This post is on technical advice.
Mudra is called Shuo Yin (Hand-symbol 手印) in Chinese. All meditative practices make use of Mudra. Tibetan practitioners even use complicated Mudras for curing different diseases. They have their points, as I shall explain.
In a previous post I suggested practitioners to try different Mudras to see their effects. The question is: what is the underlining or common skills in doing different kinds of Mudra?
In Zhan Zhuang for health purpose, a full hand stretch is generally preferred. One common visualization is holding a rubber ball, resulting in a balance between pressing in (by fingers) and bouncing out forces (by the imaginary rubber ball). Pressing in is Yang, and bouncing out is Yin. Yang and Yin must be balanced.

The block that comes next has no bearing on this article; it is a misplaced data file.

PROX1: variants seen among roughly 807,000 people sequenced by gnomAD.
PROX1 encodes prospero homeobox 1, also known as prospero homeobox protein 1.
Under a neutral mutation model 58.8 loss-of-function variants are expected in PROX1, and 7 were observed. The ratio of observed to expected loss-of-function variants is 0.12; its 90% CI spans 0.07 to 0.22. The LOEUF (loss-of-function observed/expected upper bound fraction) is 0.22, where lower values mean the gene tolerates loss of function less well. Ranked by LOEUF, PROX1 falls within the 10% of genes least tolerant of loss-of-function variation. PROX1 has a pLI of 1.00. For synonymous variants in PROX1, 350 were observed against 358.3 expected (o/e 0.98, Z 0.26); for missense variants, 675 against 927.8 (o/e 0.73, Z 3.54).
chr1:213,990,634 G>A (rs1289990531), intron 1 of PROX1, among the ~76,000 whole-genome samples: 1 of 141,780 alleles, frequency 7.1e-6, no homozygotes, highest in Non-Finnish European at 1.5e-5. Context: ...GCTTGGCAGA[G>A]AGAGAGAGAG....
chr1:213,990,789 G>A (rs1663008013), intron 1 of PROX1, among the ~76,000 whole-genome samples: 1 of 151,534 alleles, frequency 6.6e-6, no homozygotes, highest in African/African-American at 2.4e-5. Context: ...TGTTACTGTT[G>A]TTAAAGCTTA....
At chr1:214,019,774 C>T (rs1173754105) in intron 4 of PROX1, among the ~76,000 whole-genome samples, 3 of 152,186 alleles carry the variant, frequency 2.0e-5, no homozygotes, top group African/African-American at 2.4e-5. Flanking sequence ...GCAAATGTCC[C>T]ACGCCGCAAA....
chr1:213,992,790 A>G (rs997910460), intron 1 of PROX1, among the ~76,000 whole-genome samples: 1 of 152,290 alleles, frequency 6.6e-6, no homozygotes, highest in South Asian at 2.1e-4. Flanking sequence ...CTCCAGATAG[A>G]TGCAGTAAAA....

This kind of internal Yin/Yang balance must be maintained for each fingers during any Mudra. However, there is an additional requirement for Mudra that do not employ a full hand stretch. In these Mudras, some fingers need to be pressed-in more than other fingers. For example, in Bruce Lee's typical combat stance (check here to see), the middle finger together with thumb are more pressed in. These two are in Yang relative to the other Ying fingers. As a way of contrast, the Yin fingers will like pointing outwards. A stronger tension will be created by Bruce Lee's Mudra. Buddhism, and Tibetan in particular, will use more complicated Mudra for different purposes.
These Yin/Yang interaction will create different chi-patterns directed towards the body, and hence affecting a practitioner's internal organs or psychology differently. For a sensitive practitioner, he can therefore try different Mudra and feel for himself how each affects his internal conditions.